2) Yes, limit the number of strategies, but do study more than one. You cannot discover which feels best to trade, but if you read about them you may get a feel for how each strategy works. Then trade. I suggest at least 2 and perhaps 3 strategies when in the testing mode. They can be paper traded if you prefer. Do not add a second strategy until you believe that you can handle more than one. Same for adding a 3rd.

The key to success is not in finding the right strategy. The chosen strategy allows you to be comfortable while playing the game, but managing risk well (and that includes trading proper size) and learning to make quality decisions when managing the position are the factors that will ultimately determine your long-term success or failure.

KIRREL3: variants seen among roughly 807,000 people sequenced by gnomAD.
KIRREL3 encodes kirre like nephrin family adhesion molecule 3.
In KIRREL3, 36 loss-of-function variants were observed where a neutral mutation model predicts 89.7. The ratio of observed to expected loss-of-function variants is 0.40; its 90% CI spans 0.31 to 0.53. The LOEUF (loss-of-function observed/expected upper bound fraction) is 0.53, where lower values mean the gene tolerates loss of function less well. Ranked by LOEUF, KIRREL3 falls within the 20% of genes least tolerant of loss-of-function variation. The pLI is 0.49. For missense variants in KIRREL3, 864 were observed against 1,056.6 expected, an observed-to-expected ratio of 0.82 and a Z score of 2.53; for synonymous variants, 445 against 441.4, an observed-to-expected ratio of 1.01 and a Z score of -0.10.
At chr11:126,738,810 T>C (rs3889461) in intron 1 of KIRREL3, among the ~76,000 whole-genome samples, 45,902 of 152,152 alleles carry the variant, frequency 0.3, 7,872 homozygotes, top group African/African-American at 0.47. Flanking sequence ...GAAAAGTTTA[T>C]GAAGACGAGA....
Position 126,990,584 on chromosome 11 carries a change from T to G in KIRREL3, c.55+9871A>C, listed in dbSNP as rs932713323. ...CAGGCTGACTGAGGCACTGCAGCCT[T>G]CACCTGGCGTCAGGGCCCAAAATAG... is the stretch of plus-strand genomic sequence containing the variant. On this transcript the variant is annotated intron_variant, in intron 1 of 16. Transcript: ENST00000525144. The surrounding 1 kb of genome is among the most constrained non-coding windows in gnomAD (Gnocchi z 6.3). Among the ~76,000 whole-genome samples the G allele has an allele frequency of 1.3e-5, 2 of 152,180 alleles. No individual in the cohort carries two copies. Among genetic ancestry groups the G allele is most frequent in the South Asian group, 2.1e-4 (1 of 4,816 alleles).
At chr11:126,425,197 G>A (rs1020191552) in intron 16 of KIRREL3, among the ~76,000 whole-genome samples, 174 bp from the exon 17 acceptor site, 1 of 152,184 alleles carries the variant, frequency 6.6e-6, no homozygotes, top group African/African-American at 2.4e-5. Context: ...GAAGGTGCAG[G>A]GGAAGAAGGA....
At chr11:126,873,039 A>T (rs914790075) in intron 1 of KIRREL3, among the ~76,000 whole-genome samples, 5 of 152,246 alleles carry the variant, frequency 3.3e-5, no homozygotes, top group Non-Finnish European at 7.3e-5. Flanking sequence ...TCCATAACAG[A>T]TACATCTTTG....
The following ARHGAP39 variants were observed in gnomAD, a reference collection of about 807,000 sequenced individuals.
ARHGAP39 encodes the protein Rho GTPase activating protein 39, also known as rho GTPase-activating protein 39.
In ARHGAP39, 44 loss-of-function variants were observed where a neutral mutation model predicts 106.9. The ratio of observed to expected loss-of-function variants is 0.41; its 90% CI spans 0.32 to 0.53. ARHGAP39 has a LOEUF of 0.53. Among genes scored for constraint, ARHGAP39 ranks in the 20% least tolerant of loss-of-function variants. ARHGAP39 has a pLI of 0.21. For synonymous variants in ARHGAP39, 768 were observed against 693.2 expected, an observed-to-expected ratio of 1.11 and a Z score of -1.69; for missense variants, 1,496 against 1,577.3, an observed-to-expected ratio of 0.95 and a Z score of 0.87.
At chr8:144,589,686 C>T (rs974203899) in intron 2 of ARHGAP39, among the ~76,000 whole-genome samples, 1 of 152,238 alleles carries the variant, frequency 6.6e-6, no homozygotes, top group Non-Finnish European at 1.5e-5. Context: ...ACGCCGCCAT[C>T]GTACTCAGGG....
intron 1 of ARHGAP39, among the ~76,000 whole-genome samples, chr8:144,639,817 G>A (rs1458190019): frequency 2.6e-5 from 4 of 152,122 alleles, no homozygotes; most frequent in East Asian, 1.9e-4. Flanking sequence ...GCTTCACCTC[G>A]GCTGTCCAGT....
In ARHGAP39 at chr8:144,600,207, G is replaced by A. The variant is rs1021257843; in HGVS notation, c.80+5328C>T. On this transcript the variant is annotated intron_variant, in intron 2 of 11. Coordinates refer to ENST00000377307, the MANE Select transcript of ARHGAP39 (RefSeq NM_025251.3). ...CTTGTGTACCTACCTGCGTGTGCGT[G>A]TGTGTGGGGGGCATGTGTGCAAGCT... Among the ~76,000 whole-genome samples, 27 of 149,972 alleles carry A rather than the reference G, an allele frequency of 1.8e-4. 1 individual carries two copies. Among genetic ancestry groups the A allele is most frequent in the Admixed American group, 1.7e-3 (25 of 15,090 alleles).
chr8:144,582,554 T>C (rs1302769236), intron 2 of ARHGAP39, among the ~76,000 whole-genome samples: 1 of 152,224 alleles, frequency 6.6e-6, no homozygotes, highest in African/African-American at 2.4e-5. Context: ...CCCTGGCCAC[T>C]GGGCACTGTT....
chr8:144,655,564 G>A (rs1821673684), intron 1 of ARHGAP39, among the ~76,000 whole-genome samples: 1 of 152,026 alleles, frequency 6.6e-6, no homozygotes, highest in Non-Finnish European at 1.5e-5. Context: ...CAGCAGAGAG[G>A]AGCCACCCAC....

The strategy is important. You want trading to satisfy your psychological needs. If you love daily action, iron condors, covered call writing, and trading call or put spreads should work for you. However, if you hate the tension that comes with frequent decision making, consider being an investor, not a trader.

Practice a few strategies and discard any that are uncomfortable to manage. When you gain more experience and confidence, return to reconsider a previously discarded strategy. With your new trading insight, it may work for you.

SUGGESTION: Use a different underlying asset for each strategy so that you can have separate risk graphs for each position.

3) Open a position. If you can follow it comfortably, then add another. Don’t have too much going on at once. I suggest no more than three at one time. You must give yourself time to watch the trade (as often as your plan requires), know your adjustment, exit, and profit points, and never feel hurried.